This I Believe

Miriam - arlington, Virginia
Entered on December 20, 2007
Age Group: 18 - 30
Themes: immigrant

This I believe:

I had never in my life seen so many lights as I did the night my family arrived in America. As we flew from New York to Washington DC-our new American home-the ground below us was lit up, millions of little lights coming together to form a warm glow that in my child’s mind I imagined was saying: “welcome little immigrant, we are glad to have you.

The miracles of American life did not stop when we got off the plane. Life in the United States was so different from where I came from-our rental one bedroom plus den apartment in Rockville, a suburb of Washington was probably three times bigger than our studio back in Minsk, Belarus. At the grocery store in America, there were no lines for food-you could just walk up and down the always stocked aisles and pick out whatever you wanted. In the America we landed in, the stores always had bananas, and other fruits I had only heard of like pineapples and coconuts. There were cherries in winter. There were people handing out free food in the aisles. There was ice cream made out of soy!

When we first arrived in America, we had a few suitcases with the meager belongings the Soviet authorities had allowed us to take with us and a few thousand dollars my parents had managed to scrape together by selling most everything we owned. Now, less than 20 years later, my family is comfortable upper middle class. While my parents are no longer together, both have found happiness with other partners, bought houses, taken vacations to far away lands, and even put me through a private American college-with no financial aid. I believe my family is living the American Dream.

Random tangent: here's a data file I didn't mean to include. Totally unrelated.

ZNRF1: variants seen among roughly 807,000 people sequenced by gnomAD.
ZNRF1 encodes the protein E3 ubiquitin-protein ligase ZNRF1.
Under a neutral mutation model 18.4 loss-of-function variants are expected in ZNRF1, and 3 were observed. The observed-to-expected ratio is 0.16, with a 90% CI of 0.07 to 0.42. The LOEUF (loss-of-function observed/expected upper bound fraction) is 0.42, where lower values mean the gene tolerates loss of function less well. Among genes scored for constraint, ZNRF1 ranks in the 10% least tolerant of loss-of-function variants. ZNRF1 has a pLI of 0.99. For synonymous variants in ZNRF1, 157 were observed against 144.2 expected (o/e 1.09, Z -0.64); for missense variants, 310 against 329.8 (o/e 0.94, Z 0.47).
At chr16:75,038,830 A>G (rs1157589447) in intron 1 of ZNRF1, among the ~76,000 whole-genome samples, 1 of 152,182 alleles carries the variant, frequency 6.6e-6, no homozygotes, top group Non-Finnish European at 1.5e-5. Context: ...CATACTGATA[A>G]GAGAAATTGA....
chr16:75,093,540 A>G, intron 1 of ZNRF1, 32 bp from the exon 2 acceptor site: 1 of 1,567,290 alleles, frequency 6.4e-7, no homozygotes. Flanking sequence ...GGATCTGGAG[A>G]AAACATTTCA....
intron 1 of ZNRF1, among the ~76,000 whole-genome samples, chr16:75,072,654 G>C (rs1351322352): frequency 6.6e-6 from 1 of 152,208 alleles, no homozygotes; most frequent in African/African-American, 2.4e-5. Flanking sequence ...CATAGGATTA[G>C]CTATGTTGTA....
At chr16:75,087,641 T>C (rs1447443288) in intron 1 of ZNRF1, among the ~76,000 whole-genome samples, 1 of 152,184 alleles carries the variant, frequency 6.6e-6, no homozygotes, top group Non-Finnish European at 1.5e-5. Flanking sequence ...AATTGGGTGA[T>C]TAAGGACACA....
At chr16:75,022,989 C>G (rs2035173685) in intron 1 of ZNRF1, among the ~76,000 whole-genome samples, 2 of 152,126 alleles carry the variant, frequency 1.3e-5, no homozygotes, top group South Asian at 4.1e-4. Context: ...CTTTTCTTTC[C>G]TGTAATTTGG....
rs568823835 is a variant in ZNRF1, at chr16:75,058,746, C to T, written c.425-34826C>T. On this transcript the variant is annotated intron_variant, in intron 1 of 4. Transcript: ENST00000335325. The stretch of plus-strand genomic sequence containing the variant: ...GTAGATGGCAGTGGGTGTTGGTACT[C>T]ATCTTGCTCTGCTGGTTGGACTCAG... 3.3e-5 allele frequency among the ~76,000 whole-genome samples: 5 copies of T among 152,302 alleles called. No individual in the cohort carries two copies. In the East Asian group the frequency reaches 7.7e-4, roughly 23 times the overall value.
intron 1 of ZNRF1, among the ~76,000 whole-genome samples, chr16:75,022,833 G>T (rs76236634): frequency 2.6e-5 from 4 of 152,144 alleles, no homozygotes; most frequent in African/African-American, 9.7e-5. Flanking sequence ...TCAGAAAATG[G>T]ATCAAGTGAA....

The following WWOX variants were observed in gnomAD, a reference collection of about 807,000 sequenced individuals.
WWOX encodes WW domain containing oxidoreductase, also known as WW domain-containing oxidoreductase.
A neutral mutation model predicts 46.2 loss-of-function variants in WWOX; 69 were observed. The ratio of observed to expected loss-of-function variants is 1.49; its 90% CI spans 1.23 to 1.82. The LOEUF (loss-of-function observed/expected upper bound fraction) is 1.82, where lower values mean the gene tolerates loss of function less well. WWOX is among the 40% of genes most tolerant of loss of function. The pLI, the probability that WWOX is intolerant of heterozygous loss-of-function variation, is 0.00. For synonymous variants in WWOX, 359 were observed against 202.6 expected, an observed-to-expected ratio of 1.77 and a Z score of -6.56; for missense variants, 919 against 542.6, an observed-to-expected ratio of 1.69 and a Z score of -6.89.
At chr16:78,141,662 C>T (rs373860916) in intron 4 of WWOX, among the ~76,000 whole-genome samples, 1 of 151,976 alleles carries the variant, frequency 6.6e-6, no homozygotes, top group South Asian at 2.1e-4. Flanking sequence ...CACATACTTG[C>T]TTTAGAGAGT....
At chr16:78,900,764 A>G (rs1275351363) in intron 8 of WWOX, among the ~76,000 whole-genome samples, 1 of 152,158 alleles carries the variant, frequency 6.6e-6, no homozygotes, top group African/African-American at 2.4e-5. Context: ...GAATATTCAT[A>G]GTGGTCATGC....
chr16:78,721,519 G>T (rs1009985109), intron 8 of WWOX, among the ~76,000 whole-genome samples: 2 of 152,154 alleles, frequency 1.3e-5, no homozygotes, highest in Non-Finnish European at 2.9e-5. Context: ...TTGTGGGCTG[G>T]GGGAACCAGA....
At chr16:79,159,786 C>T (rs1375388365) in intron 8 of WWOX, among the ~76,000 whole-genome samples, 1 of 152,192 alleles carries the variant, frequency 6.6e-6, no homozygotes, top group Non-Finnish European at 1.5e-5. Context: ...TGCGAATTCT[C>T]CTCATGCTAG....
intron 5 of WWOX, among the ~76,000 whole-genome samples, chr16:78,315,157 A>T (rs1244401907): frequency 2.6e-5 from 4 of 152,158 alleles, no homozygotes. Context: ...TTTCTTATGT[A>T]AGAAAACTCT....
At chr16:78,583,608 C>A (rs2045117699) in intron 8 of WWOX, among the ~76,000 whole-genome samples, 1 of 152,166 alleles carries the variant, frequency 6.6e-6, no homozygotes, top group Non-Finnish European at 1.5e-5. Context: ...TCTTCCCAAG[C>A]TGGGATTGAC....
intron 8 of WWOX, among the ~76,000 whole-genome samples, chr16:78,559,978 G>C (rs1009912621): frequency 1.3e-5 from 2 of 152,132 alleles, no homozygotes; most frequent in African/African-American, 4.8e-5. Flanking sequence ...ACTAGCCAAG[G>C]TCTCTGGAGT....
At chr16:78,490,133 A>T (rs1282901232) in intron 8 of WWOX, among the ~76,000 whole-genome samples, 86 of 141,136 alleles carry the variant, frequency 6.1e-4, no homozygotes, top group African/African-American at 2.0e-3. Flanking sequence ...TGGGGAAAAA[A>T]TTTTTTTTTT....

As much as I love this country for everything it has offered me and my family, these days, I wonder where those warm glowing welcoming lights of America have gone. It seems everywhere I turn, there is someone screaming for immigrants to go home, and often, I don’t hear a distinction between legal and illegal. We don’t want some other country’s poor people, they say. We don’t want unskilled workers, others chime in. Give us the Indian programmer with the H1-B, send back the Mexican laborer.

I hear this and I cringe inside. Even though my family came here legally, to me, America has always been the country that took in those the rest of the world did not want-the British puritans who could not fully practice their religious beliefs back home in Europe, the Irish poor fleeing the famines at home, the Italians looking for work and opportunity in the new land. The people who settled here were often Europe’s poorest, downtrodden, uneducated, lower classes. I believe there is a reason that the Lady of Liberty reaches out to us and asks us to give her “your poor, your tired, your huddled masses.”

I believe that I live in a country that is built on the shoulders of people who came here to seek opportunities-whether religious or economic, people who did not have these opportunities wherever they came from. A country where our immigrant spirits-hard work, love of family, desire to make a better life–have always been the drivers of this country’s economic success. I believe that those coming here, legally or not, whatever way they can find to get here, just want to be Americans, Americans just like me. I believe in my country’s welcoming spirit. I believe we need to be building bridges to those who want a chance at the American dream, not building walls to keep them out.